If you like, you can move your potted plant outdoors for the summer, but don’t put it in direct sunlight right away. Gradually place it in a brighter spot every few days to prevent overexposure.
Aloe Vera Plant Care Tips
- Place your aloe in a bright, sunny spot … otherwise it will go dormant and stop growing
- Water the plant about once every two weeks, waiting until the soil dries out fully
- Native to the deserts and need very little humidity
- Limp or brown leaves signal you’ve overdone the watering
- Grows in almost any type of soil, but a quick draining well-aerated soil with some sand in it is best. A commercial cactus potting soil works well
7. Spider Plant
One of the most popular houseplants, a happy Spider Plant (a.k.a. as a Ribbon Plant) features strappy leaves that erupt up, out, and then down from the center of the plant. Prominent narrow stripes run the length of the long, grassy leaves. These easy care plants are frequently used as indoor hanging plants or placed on a pedestal to spotlight their graceful, trailing nature.
When kept rootbound, Spider Plants develop the cutest little babies! These plantlets grow on long, modified stems and can be trimmed to create new plants. Or, if you wish … choose to leave them intact. If you do, the plant will appear wider and very lush.
The well-known Spider Plant is also a champion cleanser of indoor air. The NASA tests showed it to remove around 90% of the potentially cancer-causing chemical formaldehyde from the air we breathe.
Spider Plant Care Tips
- Spider Plants like medium to bright indirect light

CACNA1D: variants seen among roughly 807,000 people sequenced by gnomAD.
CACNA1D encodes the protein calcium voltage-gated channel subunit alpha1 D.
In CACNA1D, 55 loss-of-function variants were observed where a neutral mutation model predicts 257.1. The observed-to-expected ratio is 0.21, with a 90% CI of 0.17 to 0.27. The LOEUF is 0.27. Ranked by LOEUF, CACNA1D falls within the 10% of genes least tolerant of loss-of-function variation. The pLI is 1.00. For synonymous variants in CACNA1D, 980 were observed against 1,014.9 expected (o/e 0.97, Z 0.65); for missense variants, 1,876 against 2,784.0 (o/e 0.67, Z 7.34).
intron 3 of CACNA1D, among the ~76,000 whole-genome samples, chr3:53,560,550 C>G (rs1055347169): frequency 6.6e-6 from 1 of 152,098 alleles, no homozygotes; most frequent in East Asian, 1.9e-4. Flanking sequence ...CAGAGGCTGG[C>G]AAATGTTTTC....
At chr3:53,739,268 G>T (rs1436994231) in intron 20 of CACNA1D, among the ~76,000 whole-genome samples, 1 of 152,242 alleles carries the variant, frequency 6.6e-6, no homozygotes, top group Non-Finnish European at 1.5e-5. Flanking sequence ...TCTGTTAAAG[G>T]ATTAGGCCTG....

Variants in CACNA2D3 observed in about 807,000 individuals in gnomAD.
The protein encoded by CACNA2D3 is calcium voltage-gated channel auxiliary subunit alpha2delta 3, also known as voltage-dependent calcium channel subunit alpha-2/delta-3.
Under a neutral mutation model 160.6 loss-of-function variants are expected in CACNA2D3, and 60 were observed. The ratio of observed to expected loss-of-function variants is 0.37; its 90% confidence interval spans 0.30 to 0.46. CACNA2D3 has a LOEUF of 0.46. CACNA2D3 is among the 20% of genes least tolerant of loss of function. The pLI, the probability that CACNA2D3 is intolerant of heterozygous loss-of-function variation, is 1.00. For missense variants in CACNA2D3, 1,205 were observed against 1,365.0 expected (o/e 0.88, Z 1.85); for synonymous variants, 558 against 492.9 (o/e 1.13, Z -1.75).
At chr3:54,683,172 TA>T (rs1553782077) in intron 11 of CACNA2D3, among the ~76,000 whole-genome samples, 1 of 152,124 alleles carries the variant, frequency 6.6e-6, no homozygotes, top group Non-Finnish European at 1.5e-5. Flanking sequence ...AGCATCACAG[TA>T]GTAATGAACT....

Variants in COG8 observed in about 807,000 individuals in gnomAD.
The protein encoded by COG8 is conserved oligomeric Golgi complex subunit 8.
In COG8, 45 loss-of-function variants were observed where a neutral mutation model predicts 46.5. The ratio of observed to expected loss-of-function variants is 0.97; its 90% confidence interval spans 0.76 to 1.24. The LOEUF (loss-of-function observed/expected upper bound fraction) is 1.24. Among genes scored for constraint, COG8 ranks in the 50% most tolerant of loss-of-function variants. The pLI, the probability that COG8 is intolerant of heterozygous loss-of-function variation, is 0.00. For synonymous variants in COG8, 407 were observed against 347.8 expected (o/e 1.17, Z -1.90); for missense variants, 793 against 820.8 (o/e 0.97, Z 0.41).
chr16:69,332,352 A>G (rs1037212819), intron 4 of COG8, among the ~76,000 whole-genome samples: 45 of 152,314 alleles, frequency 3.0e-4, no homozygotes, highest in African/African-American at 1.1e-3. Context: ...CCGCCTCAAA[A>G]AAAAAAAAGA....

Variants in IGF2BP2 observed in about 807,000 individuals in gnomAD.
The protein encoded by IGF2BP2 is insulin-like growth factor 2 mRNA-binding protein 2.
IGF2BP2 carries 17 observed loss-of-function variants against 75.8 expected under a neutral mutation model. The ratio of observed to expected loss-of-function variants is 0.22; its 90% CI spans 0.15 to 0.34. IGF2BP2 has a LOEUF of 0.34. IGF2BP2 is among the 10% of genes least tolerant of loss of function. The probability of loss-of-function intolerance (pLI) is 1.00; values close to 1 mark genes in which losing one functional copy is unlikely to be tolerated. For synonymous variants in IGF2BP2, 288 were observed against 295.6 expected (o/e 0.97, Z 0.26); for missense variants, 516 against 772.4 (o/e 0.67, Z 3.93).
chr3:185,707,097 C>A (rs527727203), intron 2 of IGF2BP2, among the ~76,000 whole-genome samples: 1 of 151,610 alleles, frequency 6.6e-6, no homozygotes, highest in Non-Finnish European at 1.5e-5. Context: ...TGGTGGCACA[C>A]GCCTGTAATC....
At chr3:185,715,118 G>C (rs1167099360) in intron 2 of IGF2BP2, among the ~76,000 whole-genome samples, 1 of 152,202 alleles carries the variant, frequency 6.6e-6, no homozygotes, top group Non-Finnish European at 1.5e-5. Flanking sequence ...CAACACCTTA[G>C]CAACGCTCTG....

- Fertilize monthly with a balanced plant food diluted 1/2 the recommended strength. Spider plants need food only when they are actively growing
- Allow the top 50% of the soil to dry out before you water
- These plants prefer high humidity
- Use a good organic houseplant soil like an an African violet mix
Dieffenbachia or Dumb Cane / Leopard Lily plants, are native to the tropics of Mexico and all the way south to Argentina. They are easy to maintain houseplants with large, broad, patterned, oblong leaves.
The decorative leaves really catch your eye. You’ll love watching them grow and unfurl into their full, exuberant glory! In optimal conditions, this plant grows fast and tends to get top heavy if not trimmed back.
They were dubbed “Dumb Cane” plants because all parts of the plant are very poisonous. Keep away from curious pets and children. Wear gloves when pruning a Dieffenbachia so you don’t get sap on your skin.
Dieffenbachia Care Tips
- Dieffenbachia plants like bright, indirect light
- Rotate your plant each week a quarter of a turn. This will help all the pretty leaves receive the same amount of light
- Water well and then allow the top 2″-3″ of soil to dry out before watering again
- Fertilize only when the plant is actively producing new leaves. Most dieffenbachia should be fed every two weeks in the summer and once a month in the spring and fall. Never feed in the winter
- High humidity is a plus, but a dieffenbachia still does well in basic household humidity
9. Corn Plant
The Corn Plant or Dracaena fragrans ‘massangeana’ is an easy care and rewarding houseplant. It’s one tough cookie tolerant of lower light, missed waterings, and general neglect. If you take good care of it … it may even bloom! See my post on “Flora” our rescue plant by clicking here. A true rags to riches story.
This type of dracaena is especially popular because of its long, graceful, green leaves that have a yellow and light green stripe running down the center. The leaves grow out of a central woody cane. They start out as a tabletop plant, but grow into stately indoor trees.